We were fascinated to learn yesterday from The Gazette that the Spencer Penrose’s rustic-posh Cheyenne Mountain Lodge may rise from the ruins:

The Broadmoor hotel in Colorado Springs is adding a second rustic retreat — planning to build an 8,000-square-foot lodge and up to 20 cabins on top of Cheyenne Mountain where hotel [...]

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(All photos in this slideshow are by Helen and James McCaffery, courtesy of Special Collections, Pikes Peak Library District. Best viewed in full screen mode by clicking on arrows in lower-right corner of slide show)

Warning: For those who imagine a quaint and walkable downtown Colorado Springs full of beautiful buildings, apartments [...]

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There’s a lot to look forward to at the Fine Arts Center this fall, not the least of which is the Floyd Tunson Retrospective Son of Pop, which opens on October 27. But we also want to implore you to see, if you haven’t already, the spectacular current batch of exhibitions, a startling [...]

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Big Something interns, Jake Brownell and Brian Wray endeavoured upon a course of action to remove the tar of time from the orb of knowing in their four-part series exploring the histories of secret societies in Colorado Springs. In this episode, the Woodmen of the World are exposed, for once and for all.

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In this third part of their four part series, Big Something interns Jake Brownell and Brian Wray explore the mysterious history of the goings-on within the Independent Order of Odd Fellows operating in Colorado Springs in the early 1900′s. You can watch Part I which is focused on the Royal Arcanum, HERE. [...]

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Big Something interns Jake Brownell and Brian Wray recently uncovered a historical list of secret organizations operating in Colorado Springs in the early 1900′s, this discovery fueled an investigatory journey to uncover the secrets of these secret organizations. In this, the second part of their investigation, Jake and Brian explore the history and [...]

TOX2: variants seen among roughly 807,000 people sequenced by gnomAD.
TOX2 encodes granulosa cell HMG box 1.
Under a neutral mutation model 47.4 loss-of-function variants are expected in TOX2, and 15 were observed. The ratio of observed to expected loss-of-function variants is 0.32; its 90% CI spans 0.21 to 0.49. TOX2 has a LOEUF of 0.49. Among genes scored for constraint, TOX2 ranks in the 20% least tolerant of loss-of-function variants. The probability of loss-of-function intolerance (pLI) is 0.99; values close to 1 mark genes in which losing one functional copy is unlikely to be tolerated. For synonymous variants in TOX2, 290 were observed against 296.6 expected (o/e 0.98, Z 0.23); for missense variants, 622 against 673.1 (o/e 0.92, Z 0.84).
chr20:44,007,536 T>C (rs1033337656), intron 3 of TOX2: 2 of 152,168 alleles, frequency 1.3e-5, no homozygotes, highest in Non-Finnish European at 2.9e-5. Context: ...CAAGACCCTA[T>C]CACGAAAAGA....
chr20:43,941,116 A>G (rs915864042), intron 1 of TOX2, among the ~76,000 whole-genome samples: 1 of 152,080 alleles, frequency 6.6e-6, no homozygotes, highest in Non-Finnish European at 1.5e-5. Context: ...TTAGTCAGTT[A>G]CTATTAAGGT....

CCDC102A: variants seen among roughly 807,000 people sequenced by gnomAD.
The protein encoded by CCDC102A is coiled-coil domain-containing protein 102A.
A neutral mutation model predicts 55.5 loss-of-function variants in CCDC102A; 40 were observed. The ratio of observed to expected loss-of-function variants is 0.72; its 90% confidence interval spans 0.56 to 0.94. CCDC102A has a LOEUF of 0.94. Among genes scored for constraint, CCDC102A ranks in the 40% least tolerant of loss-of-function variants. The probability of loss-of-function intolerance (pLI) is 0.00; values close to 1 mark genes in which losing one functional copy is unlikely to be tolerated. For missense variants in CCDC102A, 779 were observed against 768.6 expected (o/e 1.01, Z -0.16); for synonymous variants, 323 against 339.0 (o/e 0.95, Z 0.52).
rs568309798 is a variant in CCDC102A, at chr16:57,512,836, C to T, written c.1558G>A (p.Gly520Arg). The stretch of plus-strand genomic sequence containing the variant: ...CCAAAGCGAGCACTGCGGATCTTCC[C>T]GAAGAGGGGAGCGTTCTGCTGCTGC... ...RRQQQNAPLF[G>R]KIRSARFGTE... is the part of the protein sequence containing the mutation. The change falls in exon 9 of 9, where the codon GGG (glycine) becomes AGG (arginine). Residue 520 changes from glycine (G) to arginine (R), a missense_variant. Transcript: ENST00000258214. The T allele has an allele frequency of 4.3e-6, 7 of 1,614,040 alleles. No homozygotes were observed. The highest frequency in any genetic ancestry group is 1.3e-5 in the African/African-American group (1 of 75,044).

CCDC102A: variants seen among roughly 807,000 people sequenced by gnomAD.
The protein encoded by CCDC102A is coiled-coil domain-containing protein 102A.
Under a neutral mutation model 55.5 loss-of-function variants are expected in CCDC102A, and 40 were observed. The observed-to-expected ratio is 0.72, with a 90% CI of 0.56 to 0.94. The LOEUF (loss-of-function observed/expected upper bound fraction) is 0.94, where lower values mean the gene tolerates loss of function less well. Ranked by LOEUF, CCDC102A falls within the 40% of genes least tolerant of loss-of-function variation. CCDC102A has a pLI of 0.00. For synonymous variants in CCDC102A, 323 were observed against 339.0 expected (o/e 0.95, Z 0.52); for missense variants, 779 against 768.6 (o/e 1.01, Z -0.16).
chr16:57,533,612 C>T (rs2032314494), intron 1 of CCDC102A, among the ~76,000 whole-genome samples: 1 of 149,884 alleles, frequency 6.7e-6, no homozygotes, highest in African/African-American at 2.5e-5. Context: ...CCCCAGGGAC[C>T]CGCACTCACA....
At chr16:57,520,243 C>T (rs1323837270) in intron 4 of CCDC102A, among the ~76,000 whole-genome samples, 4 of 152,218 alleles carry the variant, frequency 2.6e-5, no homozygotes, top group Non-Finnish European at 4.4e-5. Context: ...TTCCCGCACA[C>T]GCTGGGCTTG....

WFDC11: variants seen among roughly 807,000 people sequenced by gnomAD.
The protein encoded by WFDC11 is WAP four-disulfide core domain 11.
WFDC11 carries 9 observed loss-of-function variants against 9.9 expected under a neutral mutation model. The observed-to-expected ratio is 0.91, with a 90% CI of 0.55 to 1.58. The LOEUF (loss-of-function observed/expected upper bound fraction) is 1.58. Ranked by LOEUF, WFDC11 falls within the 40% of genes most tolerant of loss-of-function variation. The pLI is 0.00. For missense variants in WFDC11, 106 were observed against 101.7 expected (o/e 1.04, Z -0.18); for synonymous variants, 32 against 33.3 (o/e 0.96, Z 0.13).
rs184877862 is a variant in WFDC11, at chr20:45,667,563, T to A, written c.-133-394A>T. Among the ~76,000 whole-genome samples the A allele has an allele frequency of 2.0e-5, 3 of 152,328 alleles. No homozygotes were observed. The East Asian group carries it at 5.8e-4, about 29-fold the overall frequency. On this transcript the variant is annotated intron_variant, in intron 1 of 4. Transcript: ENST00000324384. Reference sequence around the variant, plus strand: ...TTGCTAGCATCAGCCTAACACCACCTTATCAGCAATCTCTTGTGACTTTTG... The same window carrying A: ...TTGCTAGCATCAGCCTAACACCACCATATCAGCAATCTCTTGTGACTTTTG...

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What started as an innocuous visit to the public library resulted in a quest of discovery for Big Something interns Brian Wray and Jake Brownell. You see, they came upon a document titled “Secret Societies of Colorado Springs.” Armed with scant details they endeavored upon a course of action to uncover the truth about these [...]

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A little while ago, one of our readers sent us a series of photos of what remains of the old Cheyenne Mountain Lodge (it’s not open the public and we certainly discourage anyone from trespassing, on account of us being responsible members of society), aka The Honeymoon Lodge, one of Spencer Penrose’s many opulent [...]

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If you enjoyed the images of “La Casa,” the home overlooking the Pueblo Reservoir designed by Elizabeth Wright Ingraham, granddaughter of Frank Lloyd Wright, here’s another preview of “Solaz,” the home of artist Dawn Wilde. Coincidentally, both homes recently came on the market and “Solaz” is still without a buyer. Stay tuned for [...]

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This slide show is a sneak preview of a longer piece we’re working on about the legacy of renowned local architect Elizabeth Wright Ingraham. Though her name often leaves lips in the same breath as her grandfather, Frank Lloyd Wright, Wright Ingraham managed deftly managed to craft her own style without rejecting her grandfather’s [...]

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Twenty minutes north of downtown Colorado Springs lies La Foret. Originally Alice Bemis Taylor’s vacation compound and now a conference and retreat center that hosts the annual MeadowGrass music festival each Memorial Day weekend.

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In Part I of this slide show we toured the spectacularly remodeled Pleasant Valley home of Architect Ryan Lloyd, of Echo Architecture, and his wife Valerie. In this second part we pick up after touring the upper floor of their home and descend to the bedrooms and family room.

If you [...]

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When architect Ryan Lloyd, his wife Valerie and their two kids moved to Colorado Springs from Portland, Oregon, they struggled to find a home that suited their cosmopolitan tastes in the neighborhoods they wanted to live in. After several years of looking without luck they came upon a foreclosure at the edge of Pleasant [...]

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In 2008, internationally acclaimed sculptor, Patrick Dougherty, installed a whimsical and earthy sculptural edifice upon the northeast corner of Cache la Poudre St & Cascade Ave on the Colorado College Campus. We knew it wouldn’t last forever but we were a little saddened when we realized that they were gone.

Jessica Hunter Larsen, I.D.E.A. [...]